6 years, 11 months ago.

Best way to override error(...) for production firmware?

Hey guys. I'm working on a project will will hopefully make it's way into production at some point, but I'm hitting a roadblock with trying to override the built in error(...) definition. Since this will be a production device, spitting stuff out the UART is obviously not going to work (and will probably screw things up since I'm re-using the UART pins for other things), so I want to provide a function that will save the error string to EEPROM and reset the device. Then, a desktop tool will read that error string and phone it home later on. I've been able to override mbed_die() since it's a weak symbol, so I can reset the device, I just can't save the error first.

1 Answer

6 years, 11 months ago.

You can of course just change the mbed-src lib. Or make sure error is never called.

But error is:

    #define error(...) (fprintf(stderr, __VA_ARGS__), exit(1))

So you can 'simply' redirect stderr to another location. You can make a class with the Stream class as parent, and you need to give it a name in its argument field, then you can use reopen to redirect the stderr to this class. Random lib which implements this: http://mbed.org/users/chris/code/C12832/file/7de323fa46fe/TextDisplay.cpp.

Either you can make that class simply throw it all away, or write it for example to your EEPROM. Alternatively you can also make a FATFileSystem and redirect the stream to a file on there. But that has more overhead (you can put most of it just in your flash memory, but still), and I think also harder to implement.

Accepted Answer

Thanks, but I'd like to avoid modifying the mbed-src library since that makes updating it more difficult. And the mbed-rtos library already makes calls to error(...), so I have no choice but to try to use it.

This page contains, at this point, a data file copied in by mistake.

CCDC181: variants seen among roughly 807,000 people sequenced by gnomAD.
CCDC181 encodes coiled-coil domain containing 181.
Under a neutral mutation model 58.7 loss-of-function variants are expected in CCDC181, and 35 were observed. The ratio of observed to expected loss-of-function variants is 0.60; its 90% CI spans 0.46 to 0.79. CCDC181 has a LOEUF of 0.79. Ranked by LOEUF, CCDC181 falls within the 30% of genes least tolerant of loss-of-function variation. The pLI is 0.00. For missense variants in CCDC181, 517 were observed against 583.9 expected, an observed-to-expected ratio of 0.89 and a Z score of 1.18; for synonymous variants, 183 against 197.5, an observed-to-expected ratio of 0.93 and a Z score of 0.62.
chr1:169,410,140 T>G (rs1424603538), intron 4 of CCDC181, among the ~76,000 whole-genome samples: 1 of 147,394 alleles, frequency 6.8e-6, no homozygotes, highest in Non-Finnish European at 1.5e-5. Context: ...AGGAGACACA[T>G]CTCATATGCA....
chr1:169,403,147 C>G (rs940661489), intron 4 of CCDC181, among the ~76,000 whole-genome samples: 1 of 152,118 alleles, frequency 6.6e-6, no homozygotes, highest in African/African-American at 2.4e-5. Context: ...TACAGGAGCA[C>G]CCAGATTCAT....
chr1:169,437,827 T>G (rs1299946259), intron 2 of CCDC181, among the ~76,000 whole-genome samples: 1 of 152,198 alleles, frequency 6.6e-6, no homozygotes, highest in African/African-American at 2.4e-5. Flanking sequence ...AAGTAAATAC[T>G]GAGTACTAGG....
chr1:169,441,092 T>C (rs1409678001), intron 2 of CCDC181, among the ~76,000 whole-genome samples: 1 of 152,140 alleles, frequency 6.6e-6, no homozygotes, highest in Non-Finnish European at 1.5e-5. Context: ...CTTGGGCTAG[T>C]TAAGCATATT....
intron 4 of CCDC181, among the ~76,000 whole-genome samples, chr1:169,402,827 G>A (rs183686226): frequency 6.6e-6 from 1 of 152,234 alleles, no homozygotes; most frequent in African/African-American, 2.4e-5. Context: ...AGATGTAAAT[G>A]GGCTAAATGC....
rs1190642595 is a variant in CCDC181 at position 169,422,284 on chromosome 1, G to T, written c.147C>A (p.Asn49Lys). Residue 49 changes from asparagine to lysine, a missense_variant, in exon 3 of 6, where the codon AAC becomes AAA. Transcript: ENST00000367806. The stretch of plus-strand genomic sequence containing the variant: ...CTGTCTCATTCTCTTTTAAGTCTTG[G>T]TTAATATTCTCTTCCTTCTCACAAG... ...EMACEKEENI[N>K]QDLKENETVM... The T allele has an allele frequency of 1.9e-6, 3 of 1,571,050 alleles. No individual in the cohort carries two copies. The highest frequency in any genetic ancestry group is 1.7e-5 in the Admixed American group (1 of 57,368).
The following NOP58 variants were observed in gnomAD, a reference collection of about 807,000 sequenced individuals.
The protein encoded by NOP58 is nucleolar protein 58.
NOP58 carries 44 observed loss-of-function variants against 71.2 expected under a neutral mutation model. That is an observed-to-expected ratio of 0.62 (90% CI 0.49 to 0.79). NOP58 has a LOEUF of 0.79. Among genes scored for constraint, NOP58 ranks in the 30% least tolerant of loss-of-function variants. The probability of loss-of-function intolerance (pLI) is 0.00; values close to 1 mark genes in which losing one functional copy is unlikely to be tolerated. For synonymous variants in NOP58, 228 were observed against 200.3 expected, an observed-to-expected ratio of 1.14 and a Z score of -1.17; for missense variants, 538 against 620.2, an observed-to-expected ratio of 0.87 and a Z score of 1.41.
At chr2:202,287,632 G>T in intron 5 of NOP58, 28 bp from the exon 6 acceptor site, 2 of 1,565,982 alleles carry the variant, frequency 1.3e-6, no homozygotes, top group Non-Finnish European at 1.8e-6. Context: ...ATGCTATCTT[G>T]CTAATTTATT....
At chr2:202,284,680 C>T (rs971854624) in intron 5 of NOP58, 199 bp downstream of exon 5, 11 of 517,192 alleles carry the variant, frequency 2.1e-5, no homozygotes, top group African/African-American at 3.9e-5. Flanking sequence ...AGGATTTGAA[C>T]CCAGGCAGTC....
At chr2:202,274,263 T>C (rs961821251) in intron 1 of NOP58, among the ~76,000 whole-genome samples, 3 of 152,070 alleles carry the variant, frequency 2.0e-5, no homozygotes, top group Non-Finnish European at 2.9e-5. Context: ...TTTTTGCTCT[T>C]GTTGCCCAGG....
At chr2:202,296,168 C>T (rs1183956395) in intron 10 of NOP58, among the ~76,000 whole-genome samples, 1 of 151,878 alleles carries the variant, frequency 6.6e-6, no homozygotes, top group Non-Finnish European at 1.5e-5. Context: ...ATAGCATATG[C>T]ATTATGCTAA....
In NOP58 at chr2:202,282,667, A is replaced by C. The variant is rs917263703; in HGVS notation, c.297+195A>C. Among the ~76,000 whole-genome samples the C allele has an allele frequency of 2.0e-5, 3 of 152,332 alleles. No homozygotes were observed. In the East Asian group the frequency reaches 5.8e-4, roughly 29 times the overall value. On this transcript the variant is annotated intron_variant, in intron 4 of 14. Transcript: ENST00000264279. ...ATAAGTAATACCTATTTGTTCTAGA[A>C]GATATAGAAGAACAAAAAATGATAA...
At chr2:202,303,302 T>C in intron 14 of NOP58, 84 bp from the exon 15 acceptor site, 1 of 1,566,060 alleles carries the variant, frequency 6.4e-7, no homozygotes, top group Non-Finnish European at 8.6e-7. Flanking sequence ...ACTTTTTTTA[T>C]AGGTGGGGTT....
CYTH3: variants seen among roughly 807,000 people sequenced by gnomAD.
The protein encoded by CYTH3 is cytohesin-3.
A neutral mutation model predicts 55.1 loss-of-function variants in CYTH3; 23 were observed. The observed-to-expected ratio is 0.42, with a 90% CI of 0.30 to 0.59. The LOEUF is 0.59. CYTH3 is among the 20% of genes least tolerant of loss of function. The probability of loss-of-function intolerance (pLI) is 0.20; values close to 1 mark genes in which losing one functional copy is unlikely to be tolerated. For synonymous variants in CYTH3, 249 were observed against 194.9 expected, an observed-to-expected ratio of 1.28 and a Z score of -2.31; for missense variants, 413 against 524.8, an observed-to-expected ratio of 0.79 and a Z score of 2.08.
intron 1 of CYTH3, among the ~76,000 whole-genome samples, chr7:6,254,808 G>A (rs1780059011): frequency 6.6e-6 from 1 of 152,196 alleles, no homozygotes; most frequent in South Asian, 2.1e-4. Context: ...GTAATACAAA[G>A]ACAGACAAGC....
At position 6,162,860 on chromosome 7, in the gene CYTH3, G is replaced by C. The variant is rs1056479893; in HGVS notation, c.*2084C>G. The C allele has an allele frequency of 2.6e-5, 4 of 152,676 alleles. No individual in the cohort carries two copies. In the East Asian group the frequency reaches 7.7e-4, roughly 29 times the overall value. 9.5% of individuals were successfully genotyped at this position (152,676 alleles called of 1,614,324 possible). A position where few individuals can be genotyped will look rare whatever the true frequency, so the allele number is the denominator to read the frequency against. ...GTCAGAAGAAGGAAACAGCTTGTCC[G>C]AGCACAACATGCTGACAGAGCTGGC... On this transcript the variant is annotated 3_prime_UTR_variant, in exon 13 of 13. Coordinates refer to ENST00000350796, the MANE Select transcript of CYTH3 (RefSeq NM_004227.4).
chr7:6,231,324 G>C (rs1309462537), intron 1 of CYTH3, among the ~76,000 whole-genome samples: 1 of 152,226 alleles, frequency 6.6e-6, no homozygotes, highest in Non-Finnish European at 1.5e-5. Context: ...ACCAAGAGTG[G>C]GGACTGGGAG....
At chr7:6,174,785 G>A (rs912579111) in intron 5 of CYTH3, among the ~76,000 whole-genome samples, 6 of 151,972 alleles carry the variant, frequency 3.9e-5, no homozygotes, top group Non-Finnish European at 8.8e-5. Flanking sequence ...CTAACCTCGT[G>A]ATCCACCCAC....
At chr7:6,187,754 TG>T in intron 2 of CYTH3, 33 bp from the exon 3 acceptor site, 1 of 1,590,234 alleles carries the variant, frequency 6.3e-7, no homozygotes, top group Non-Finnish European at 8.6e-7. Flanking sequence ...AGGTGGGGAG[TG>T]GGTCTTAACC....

I tried creating an ErrorStream class to redirect stderr, but it doesn't appear to do anything but lock up. I've attached the code:

ErrorStream.h"

#ifndef ERROR_STREAM_H
#define ERROR_STREAM_H

#include "mbed.h"

/** ErrorStream class.
 *  Used to redirect error text to the EEPROM.
 */
class ErrorStream : public Stream
{
public:
    /** Create a new ErrorStream object, and redirect stderr to it
     */
    ErrorStream();

protected:
    virtual int _getc();
    virtual int _putc(int value);
};

#endif

ErrorStream.cpp

#include "ErrorStream.h"

ErrorStream::ErrorStream() : Stream("error")
{
    //Try to redirect stderr to us
    if (freopen("/error", "w", stderr) == NULL) {
        //Failed, should not happen
        mbed_die();
    }

    //Set up the stream buffer
    setvbuf(stderr, NULL, _IONBF, 1);
}

int ErrorStream::_getc()
{
    return -1;
}

int ErrorStream::_putc(int value)
{
    /*if (value == '\n') {
        _column = 0;
        _row++;
        if(_row >= rows()) {
            _row = 0;
        }
    } else {
        character(_column, _row, value);
        _column++;
        if(_column >= columns()) {
            _column = 0;
            _row++;
            if(_row >= rows()) {
                _row = 0;
            }
        }
    }*/

    printf("Got %i\n", value);

    return value;
}
posted by Neil Thiessen 28 Mar 2014

Heh one of those small errors that can irritate you for a long time. Had this one in a similar case a bit ago, still didn't had it immediatly.

The issue is printf: ErrorStream inherits from Stream, which has a printf. So there is ambiguity: Should it take the global printf, or the printf belonging to ErrorStream's parent, and it picks that one (so: this->printf). Which then shows up at _putc. Which call this->printf, etc.

Replace it with std::printf and it works fine :).

For your homework, find out what the error message was :P

Got 65
Got 97
Got 97
Got 97
Got 97
Got 104
Got 32
Got 116
Got 104
Got 101
Got 121
Got 32
Got 97
Got 114
Got 101
Got 32
Got 99
Got 111
Got 109
Got 105
Got 110
Got 103
Got 13
Got 10
posted by Erik - 28 Mar 2014

*face palm* of course... It works now, thanks!

P.S. It says "Aaaaah they are coming" :P

posted by Neil Thiessen 28 Mar 2014

Might have spoken too soon, I just realized DEVICE_STDIO_MESSAGES is disabled on the LPC11U35 (for good reason, there's no interface chip to redirect it to the host), so fprintf() will never be called making the stderr redirect pointless. I'm going to start a discussion regarding this, clearly the best plan of attack is to make error() weakly linked like mbed_die().

posted by Neil Thiessen 28 Mar 2014

Well you didn't tell me that you used that one :P.

Can't you simply enable that from your program? Then fprintf will be called again, and since it is redirected anyway it doesn't matter that it has no UART. Not 100% sure it works that simply though :).

I do agree it would be nice to have it a weak function.

posted by Erik - 28 Mar 2014

Trouble is, I'm not 100% sure when the UART gets configured when DEVICE_STDIO_MESSAGES is enabled, so it's probably safest to leave it off. Maybe I'll submit a pull request for a weak function...

posted by Neil Thiessen 31 Mar 2014

Just submit a pull request, you can read about it here.

posted by Neil Thiessen 31 Mar 2014